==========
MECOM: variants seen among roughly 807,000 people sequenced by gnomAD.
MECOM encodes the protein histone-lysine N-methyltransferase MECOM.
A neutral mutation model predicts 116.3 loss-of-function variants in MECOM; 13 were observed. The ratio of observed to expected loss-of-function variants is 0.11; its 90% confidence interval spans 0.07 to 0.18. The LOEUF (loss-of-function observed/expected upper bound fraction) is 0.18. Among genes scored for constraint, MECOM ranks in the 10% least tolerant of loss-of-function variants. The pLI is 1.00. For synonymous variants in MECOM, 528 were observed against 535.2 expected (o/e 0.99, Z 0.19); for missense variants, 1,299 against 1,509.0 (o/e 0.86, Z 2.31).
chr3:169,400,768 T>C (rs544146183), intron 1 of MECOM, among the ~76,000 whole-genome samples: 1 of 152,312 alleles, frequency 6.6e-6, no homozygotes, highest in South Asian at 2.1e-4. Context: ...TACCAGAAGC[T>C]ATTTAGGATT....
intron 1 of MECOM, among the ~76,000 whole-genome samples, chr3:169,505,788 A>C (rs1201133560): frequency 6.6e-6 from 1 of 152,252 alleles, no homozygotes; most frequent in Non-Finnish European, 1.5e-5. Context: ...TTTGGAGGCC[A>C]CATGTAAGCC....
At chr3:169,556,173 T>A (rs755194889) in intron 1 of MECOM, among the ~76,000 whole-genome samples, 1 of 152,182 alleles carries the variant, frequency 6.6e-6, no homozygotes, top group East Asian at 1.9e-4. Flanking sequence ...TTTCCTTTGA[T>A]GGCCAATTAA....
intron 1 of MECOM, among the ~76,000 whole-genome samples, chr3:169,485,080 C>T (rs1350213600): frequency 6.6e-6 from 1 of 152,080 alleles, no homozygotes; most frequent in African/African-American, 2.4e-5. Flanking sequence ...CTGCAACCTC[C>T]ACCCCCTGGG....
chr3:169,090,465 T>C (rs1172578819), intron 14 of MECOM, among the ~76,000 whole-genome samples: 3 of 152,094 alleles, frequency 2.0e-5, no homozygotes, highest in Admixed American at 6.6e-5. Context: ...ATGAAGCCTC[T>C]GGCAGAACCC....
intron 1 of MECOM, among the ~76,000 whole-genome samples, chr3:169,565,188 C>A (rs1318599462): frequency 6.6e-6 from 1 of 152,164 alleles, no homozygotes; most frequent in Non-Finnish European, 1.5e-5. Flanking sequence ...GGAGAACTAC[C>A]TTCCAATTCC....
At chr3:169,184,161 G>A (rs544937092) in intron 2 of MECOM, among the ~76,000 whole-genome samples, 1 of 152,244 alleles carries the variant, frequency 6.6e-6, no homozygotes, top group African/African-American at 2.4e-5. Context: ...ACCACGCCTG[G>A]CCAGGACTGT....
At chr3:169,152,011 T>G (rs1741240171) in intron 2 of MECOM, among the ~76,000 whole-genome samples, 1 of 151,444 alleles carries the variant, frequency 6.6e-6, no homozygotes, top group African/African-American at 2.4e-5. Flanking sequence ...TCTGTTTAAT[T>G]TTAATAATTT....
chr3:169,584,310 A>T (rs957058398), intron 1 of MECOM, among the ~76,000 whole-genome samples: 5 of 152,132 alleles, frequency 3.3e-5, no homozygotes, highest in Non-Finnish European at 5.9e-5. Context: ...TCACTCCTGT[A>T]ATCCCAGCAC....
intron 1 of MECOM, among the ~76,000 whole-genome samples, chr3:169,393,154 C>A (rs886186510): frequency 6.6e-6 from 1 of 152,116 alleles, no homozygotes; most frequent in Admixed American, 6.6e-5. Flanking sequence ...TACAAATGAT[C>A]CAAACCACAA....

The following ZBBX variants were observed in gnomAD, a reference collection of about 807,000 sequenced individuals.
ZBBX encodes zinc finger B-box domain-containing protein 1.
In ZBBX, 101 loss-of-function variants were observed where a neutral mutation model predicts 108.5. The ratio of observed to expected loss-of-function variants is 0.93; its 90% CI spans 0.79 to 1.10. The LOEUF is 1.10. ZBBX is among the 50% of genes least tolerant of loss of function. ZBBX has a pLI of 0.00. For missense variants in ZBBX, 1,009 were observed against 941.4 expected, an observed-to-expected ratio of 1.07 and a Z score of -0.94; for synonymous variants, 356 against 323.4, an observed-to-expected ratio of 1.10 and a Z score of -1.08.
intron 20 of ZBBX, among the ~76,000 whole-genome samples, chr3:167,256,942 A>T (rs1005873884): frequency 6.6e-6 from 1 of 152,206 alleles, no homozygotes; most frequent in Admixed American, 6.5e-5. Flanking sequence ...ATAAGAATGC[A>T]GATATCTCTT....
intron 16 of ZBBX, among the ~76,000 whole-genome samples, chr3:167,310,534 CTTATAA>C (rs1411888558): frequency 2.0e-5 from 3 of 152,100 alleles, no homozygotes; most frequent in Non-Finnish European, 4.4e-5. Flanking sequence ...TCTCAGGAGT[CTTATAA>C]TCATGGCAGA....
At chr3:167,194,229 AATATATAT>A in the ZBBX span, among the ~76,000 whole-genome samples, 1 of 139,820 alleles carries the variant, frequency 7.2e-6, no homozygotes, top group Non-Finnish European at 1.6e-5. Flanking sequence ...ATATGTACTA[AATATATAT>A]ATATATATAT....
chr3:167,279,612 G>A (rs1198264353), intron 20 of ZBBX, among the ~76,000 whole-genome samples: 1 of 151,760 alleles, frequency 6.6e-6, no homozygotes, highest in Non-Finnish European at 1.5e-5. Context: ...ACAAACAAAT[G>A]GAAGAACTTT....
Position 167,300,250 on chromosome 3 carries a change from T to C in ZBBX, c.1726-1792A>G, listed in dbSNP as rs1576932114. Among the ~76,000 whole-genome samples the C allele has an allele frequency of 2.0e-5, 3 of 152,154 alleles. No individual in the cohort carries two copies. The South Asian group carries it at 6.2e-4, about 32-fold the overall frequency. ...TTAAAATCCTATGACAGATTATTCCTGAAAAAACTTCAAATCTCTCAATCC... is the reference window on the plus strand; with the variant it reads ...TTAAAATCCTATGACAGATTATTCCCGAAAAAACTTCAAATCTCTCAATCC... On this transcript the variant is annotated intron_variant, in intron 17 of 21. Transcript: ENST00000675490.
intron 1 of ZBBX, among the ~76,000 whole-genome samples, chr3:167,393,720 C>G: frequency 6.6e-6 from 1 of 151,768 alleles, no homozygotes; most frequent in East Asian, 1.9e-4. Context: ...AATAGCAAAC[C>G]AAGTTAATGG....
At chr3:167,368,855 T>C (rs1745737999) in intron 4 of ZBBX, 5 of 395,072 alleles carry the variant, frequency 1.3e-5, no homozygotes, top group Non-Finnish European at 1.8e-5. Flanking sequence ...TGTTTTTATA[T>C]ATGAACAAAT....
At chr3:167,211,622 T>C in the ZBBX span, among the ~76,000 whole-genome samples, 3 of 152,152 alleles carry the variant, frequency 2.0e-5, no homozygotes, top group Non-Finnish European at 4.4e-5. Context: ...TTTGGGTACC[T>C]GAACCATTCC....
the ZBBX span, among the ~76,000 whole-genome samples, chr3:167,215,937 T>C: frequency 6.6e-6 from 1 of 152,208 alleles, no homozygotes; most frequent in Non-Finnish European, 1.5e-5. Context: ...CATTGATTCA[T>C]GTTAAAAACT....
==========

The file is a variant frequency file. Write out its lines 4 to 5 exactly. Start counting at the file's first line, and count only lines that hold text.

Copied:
chr3:169,400,768 T>C (rs544146183), intron 1 of MECOM, among the ~76,000 whole-genome samples: 1 of 152,312 alleles, frequency 6.6e-6, no homozygotes, highest in South Asian at 2.1e-4. Context: ...TACCAGAAGC[T>C]ATTTAGGATT....
intron 1 of MECOM, among the ~76,000 whole-genome samples, chr3:169,505,788 A>C (rs1201133560): frequency 6.6e-6 from 1 of 152,252 alleles, no homozygotes; most frequent in Non-Finnish European, 1.5e-5. Context: ...TTTGGAGGCC[A>C]CATGTAAGCC....